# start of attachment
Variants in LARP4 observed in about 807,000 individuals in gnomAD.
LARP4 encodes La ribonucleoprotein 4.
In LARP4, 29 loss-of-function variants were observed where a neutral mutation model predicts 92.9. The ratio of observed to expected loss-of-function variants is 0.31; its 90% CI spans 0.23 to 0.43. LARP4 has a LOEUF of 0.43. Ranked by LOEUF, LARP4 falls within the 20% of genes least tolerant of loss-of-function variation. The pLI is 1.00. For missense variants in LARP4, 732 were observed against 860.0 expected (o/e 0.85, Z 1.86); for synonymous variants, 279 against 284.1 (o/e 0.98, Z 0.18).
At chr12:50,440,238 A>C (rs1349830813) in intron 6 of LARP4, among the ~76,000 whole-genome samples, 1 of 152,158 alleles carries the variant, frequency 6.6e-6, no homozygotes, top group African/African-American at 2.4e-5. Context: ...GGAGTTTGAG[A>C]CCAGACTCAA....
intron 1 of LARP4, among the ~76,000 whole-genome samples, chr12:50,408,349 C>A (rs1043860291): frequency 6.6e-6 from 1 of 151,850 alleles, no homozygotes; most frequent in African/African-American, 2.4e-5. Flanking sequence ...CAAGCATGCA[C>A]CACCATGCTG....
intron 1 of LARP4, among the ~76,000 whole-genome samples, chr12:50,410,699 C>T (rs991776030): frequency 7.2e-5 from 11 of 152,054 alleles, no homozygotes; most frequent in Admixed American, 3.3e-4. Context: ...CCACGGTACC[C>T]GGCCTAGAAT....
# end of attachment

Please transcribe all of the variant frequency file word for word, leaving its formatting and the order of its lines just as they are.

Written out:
Variants in LARP4 observed in about 807,000 individuals in gnomAD.
LARP4 encodes La ribonucleoprotein 4.
In LARP4, 29 loss-of-function variants were observed where a neutral mutation model predicts 92.9. The ratio of observed to expected loss-of-function variants is 0.31; its 90% CI spans 0.23 to 0.43. LARP4 has a LOEUF of 0.43. Ranked by LOEUF, LARP4 falls within the 20% of genes least tolerant of loss-of-function variation. The pLI is 1.00. For missense variants in LARP4, 732 were observed against 860.0 expected (o/e 0.85, Z 1.86); for synonymous variants, 279 against 284.1 (o/e 0.98, Z 0.18).
At chr12:50,440,238 A>C (rs1349830813) in intron 6 of LARP4, among the ~76,000 whole-genome samples, 1 of 152,158 alleles carries the variant, frequency 6.6e-6, no homozygotes, top group African/African-American at 2.4e-5. Context: ...GGAGTTTGAG[A>C]CCAGACTCAA....
intron 1 of LARP4, among the ~76,000 whole-genome samples, chr12:50,408,349 C>A (rs1043860291): frequency 6.6e-6 from 1 of 151,850 alleles, no homozygotes; most frequent in African/African-American, 2.4e-5. Flanking sequence ...CAAGCATGCA[C>A]CACCATGCTG....
intron 1 of LARP4, among the ~76,000 whole-genome samples, chr12:50,410,699 C>T (rs991776030): frequency 7.2e-5 from 11 of 152,054 alleles, no homozygotes; most frequent in Admixed American, 3.3e-4. Context: ...CCACGGTACC[C>T]GGCCTAGAAT....